Maliki has been harshly criticized in the local press for the agreement.
The regional Kurdish government in the north, which has refused to accept the deal, has urged the central government not to welcome Iraqi refugees residing in Western countries so long as conditions in the country are not secure and safe.
Iraqi Government Careless about Its Own Refugees – Minister
Mundher al-Shawfi / Azzaman
BAGHDAD (February 27, 2009) — The Iraqi ministry which is supposed to look after Iraqi refugees says its coffers are empty despite urgent needs.
Displacement and Migration Minister Abdulsamad Sultan said he could not even afford paying the travel expenses of Iraqi refugees willing to return home.
There are no exact figures on the numbers of Iraqis who had to flee the country or leave their homes in the aftermath of the 2003 U.S. invasion.
The ministry estimates the number of Iraqi refugees in neighboring states to amount to 2 million people.
More than one million reside in Syria whose government says their presence has turned into an unbearable economic burden.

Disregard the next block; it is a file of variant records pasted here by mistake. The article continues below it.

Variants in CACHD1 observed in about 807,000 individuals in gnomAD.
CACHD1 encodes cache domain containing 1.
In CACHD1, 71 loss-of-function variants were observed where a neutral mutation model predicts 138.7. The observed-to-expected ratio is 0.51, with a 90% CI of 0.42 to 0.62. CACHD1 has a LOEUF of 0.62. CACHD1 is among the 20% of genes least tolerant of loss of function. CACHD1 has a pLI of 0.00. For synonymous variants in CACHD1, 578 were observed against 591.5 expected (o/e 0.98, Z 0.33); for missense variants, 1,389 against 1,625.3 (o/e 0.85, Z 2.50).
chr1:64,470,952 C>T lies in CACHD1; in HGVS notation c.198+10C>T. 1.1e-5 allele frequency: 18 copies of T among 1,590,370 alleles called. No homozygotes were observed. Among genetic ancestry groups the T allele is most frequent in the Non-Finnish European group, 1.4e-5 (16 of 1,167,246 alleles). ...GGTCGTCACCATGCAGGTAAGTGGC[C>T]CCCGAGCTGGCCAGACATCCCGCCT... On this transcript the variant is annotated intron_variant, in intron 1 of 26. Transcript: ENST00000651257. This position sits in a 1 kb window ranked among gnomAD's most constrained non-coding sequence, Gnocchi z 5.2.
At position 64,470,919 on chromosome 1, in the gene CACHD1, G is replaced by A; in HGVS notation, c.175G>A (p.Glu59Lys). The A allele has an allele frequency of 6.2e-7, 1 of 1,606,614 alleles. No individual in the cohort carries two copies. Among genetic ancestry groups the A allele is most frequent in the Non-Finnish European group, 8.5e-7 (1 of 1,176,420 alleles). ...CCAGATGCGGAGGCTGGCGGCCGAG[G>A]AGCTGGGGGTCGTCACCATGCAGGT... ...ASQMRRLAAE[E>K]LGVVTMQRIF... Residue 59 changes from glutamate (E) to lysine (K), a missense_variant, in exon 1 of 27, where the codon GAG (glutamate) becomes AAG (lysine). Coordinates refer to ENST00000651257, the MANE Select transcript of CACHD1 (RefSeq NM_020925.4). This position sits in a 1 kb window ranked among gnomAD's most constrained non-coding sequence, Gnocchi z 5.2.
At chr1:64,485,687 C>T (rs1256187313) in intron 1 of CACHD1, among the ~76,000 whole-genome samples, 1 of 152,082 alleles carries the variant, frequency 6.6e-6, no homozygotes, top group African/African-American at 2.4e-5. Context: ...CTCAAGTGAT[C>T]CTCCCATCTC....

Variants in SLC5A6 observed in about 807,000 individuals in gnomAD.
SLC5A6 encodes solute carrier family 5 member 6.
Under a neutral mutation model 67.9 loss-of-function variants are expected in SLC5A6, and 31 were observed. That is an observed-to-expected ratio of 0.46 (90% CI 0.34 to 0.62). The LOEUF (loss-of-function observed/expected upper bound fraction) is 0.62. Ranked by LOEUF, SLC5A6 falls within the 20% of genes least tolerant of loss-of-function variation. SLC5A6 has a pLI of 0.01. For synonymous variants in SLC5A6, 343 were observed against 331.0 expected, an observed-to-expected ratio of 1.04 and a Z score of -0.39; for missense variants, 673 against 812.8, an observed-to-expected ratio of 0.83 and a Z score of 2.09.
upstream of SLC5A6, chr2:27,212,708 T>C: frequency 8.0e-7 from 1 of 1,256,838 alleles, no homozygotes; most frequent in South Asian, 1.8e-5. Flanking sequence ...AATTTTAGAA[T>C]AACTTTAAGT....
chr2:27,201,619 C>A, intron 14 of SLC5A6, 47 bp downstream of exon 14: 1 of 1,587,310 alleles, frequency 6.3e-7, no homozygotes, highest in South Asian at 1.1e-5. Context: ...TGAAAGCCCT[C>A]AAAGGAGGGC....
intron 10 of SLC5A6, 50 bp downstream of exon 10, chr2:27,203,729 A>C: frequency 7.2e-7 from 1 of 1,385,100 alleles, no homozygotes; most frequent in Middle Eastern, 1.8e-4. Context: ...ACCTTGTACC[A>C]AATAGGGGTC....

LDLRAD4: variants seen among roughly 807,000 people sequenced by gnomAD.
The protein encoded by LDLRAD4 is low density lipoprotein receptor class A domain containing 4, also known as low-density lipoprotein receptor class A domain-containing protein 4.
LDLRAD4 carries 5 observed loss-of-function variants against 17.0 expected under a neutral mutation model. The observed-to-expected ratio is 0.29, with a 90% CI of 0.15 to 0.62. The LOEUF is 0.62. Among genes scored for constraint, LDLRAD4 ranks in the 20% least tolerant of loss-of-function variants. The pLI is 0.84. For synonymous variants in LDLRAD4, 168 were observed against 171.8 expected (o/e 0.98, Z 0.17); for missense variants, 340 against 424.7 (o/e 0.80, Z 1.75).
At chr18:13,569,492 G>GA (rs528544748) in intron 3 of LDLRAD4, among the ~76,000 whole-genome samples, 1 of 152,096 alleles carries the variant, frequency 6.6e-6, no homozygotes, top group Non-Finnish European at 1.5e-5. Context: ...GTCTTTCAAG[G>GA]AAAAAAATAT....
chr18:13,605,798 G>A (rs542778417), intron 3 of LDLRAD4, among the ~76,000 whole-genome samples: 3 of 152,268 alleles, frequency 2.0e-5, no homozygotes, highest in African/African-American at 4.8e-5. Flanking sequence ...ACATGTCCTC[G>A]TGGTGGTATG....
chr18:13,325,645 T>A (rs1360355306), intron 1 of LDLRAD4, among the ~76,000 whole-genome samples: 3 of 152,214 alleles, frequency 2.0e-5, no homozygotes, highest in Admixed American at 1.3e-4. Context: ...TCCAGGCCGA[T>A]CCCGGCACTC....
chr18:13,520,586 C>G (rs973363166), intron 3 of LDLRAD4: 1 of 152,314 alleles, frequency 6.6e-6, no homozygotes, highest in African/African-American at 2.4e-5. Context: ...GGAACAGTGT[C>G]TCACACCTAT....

Iraqi authorities have done almost nothing to help Iraqi refugees in neighboring states despite unprecedented oil revenues in the past two years.
Legally, all Iraqis are entitled to subsidized food rations but it is not clear what the authorities are doing with the monthly share of fleeing families.
Sultan said he was still waiting for allocations but declined to say whether any sums have been earmarked for refugees in the budget.
The government has promised to compensate returning families but the minister said the law regulating payments still remains on the shelf.
“There are 240,000 internally displaced families but the ministry has no resources to arrange for their resettlement in their original cities and quarters,” Sultan said.
The average number of an Iraqi family is at least six people. That means there are about 1.5 million internally displaced Iraqis besides the millions who have fled abroad.